The project is aiming at finding realistic leaching rates from preservative-treated wood in use class 3 (above ground). The project focuses on developing a field trial method for investigating leaching. Panels are subjected to outdoor exposure under natural weather conditions at a test field at the Danish Technological Institute. The leachate is collected and monitored by chemical analysis of the active ingredients. The project is ongoing and the paper presents results from approximately 12 months’ of exposure. The study includes commercially available organic and inorganic fungicides using 4 different application methods: vacuum-pressure-, double-vacuum-, flow coat and supercritical treatment. Different test set-ups examine the influence of a number of different parameters. The results obtained from outdoor exposure will be compared with a laboratory test method (proposal of CEN/OECD, DOC TC38 WG 27 N039). The method investigated has proved to be useful in characterising the leaching behaviour from preservative-treated wood. The results from the present project are intended to serve as part of the basic documentation according to Directive 98/8/EC (The Biocidal Products Directive, BPD) for leaching of active ingredients in use class 3.
N Morsing, B Lindegaard


Accelerated wood decay in a soil bed test under greenhouse conditions compared with a stake test under field condition
1991 - IRG/WP 2384
The rate of decay of oak, beech, Douglas fir, pine and spruce stakes in an outside test field were compared with the decay rate of the same species in a greenhouse soil-bed test. Strength loss after four and six months respectively was measured by determining the compression strength parallel to the grain. The results show that all species, strength loss in the greenhouse was 2 to 4 times higher than under field conditions. The rate of strength loss correlates with the rate of weight loss.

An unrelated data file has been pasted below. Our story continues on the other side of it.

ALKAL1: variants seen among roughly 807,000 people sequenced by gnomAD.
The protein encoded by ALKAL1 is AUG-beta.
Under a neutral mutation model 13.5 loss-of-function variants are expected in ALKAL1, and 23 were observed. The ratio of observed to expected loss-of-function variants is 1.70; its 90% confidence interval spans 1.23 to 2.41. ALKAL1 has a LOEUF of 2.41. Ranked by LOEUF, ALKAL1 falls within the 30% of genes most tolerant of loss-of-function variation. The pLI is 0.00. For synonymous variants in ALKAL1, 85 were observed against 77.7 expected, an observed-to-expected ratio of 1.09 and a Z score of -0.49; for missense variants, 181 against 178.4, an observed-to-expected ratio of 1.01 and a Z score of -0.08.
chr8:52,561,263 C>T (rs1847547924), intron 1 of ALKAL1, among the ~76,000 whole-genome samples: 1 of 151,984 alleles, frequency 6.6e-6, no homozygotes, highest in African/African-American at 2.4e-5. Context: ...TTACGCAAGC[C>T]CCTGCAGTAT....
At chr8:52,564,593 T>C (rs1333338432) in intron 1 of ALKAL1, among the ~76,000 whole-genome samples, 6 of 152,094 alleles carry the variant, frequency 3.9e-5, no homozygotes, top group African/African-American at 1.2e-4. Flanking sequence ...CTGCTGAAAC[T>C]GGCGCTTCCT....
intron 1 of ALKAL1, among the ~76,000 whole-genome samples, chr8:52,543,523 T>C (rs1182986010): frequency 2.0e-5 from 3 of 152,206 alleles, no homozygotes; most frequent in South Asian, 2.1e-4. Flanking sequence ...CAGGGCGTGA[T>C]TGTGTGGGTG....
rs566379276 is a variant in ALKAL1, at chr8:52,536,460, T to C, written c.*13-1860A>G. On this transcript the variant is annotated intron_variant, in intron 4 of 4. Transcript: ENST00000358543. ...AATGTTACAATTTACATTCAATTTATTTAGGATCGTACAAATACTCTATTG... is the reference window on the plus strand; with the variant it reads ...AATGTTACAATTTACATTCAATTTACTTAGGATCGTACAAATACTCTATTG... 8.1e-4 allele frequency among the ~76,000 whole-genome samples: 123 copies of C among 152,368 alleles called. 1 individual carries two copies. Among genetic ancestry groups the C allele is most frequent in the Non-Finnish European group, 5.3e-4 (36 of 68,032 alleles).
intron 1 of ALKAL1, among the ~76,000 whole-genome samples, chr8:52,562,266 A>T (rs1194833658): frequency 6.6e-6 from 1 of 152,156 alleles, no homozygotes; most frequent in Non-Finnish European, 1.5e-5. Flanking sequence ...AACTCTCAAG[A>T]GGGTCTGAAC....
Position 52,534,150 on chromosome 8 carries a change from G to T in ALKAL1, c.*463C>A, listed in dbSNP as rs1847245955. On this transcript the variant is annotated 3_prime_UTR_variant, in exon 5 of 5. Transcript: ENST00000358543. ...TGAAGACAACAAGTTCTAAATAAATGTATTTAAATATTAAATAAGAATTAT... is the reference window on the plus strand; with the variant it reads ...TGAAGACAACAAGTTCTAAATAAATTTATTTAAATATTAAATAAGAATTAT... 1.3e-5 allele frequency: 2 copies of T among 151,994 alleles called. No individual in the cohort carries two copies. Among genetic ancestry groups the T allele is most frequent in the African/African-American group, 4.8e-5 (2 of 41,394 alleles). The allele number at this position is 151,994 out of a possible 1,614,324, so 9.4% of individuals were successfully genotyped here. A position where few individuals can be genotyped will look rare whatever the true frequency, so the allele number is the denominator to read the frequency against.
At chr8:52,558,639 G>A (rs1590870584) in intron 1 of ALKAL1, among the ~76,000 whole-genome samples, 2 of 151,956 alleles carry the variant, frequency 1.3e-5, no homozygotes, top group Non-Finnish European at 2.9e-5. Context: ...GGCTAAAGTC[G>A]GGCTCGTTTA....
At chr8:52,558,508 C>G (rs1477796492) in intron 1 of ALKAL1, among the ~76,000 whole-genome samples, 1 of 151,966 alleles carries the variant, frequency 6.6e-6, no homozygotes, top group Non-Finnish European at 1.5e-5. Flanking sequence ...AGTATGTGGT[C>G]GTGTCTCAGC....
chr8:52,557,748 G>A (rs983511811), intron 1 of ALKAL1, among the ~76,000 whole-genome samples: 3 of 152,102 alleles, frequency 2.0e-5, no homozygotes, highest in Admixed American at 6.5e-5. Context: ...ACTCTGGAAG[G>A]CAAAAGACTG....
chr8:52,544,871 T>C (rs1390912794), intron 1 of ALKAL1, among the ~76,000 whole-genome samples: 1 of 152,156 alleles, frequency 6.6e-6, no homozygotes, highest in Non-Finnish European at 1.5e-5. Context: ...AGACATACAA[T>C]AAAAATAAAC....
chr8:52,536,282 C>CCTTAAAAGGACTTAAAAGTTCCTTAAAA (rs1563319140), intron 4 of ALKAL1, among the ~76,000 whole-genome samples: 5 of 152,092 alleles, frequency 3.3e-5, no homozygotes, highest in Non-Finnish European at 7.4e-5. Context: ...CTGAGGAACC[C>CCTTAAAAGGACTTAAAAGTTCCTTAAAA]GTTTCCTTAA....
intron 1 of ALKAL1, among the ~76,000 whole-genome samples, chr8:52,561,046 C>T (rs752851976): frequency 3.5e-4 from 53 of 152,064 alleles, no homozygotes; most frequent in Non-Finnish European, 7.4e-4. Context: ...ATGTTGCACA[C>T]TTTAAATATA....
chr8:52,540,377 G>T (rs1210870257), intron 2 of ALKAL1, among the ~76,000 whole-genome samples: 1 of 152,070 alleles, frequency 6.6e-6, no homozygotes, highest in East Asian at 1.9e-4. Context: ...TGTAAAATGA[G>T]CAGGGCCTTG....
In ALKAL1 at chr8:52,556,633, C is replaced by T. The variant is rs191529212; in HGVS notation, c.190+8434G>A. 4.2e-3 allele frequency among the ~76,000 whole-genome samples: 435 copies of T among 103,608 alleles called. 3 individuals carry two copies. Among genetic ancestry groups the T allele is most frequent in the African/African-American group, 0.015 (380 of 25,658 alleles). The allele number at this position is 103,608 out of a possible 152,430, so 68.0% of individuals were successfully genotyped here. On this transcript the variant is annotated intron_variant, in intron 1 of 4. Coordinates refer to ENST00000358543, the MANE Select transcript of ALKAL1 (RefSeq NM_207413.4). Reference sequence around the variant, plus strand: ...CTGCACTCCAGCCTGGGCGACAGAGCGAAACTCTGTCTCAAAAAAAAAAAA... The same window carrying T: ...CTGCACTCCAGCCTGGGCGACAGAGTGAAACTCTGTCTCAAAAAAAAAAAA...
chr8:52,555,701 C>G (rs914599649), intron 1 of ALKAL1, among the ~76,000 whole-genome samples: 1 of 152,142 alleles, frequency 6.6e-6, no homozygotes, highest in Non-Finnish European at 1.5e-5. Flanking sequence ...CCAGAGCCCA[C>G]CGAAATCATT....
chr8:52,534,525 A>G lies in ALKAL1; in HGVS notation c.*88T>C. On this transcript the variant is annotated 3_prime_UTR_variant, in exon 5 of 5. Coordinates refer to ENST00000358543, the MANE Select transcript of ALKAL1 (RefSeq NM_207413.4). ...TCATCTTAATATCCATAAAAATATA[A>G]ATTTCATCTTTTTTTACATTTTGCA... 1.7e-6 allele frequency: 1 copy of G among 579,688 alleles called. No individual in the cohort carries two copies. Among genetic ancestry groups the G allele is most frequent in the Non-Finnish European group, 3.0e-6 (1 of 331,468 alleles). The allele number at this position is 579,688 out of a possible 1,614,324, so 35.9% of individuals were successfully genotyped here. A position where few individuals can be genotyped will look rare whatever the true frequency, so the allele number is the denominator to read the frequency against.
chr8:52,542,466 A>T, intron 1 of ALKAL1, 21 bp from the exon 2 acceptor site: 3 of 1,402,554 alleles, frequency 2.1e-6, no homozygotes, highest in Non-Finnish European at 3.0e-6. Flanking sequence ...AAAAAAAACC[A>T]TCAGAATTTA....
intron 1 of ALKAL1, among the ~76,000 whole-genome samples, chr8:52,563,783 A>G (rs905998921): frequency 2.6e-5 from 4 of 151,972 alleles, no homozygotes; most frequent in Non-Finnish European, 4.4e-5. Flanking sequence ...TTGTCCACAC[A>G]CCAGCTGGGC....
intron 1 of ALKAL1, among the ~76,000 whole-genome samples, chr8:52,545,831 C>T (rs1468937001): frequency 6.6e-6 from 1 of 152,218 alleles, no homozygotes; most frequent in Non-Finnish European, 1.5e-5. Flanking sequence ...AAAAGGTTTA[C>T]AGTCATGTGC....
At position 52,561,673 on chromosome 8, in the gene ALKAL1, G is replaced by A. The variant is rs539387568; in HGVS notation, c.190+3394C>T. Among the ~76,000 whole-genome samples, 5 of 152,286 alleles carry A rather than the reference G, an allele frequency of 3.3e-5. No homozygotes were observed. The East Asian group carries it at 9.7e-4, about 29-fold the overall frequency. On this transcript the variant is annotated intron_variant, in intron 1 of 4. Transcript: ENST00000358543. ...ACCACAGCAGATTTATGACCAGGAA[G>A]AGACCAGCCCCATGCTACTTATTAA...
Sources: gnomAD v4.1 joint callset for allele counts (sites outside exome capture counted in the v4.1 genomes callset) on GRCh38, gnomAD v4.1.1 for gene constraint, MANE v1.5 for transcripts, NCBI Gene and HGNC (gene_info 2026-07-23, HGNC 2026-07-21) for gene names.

J E Polman, S G Michon, H Militz


A new accelerated field test for termites
1983 - IRG/WP 1178
A new accelerated field test method for termites is described. Two series of tests were conducted with this accelerated method and the results were very encouraging.
W E Conradie, A Jansen


Ground contact performance of wood treated by the MSU process
1990 - IRG/WP 3609
Environmental concerns have prompted a renewed interest in accelerated fixation schemes for CCA-treated wood. Results from stake tests of southern pine (Pinus sp.) treated using a conventional Bethell cycle are compared with matched stakes treated using the MSU Process. The effects of adding boric acid to the preservative formulation are also discussed. Differences among test plots are discussed.
H M Barnes, T L Amburgey, R W Landers


Natural durability of wood in ground contact - A correlation between field and laboratory tests
1985 - IRG/WP 2182
A field test is being carried out to evaluate the natural durability of 20 hardwoods. The resistance to decay and termite attack was evaluated in accelerated laboratory tests. The results of the field test after 6 years and 8 months indicate that there is not necessarily agreement between results from laboratory and field tests. It is pointed out that apart from the artificiality of the laboratory tests, a possible cause of the discrepancies can be the different performance of the same wood species in different test sites.
M S Cavalcante, G A C Lopez, R G Montagna, M E S Fosco Mucci


Fungus cellar testing as an evaluation method for performance of treated timber in ground contact
2001 - IRG/WP 01-20227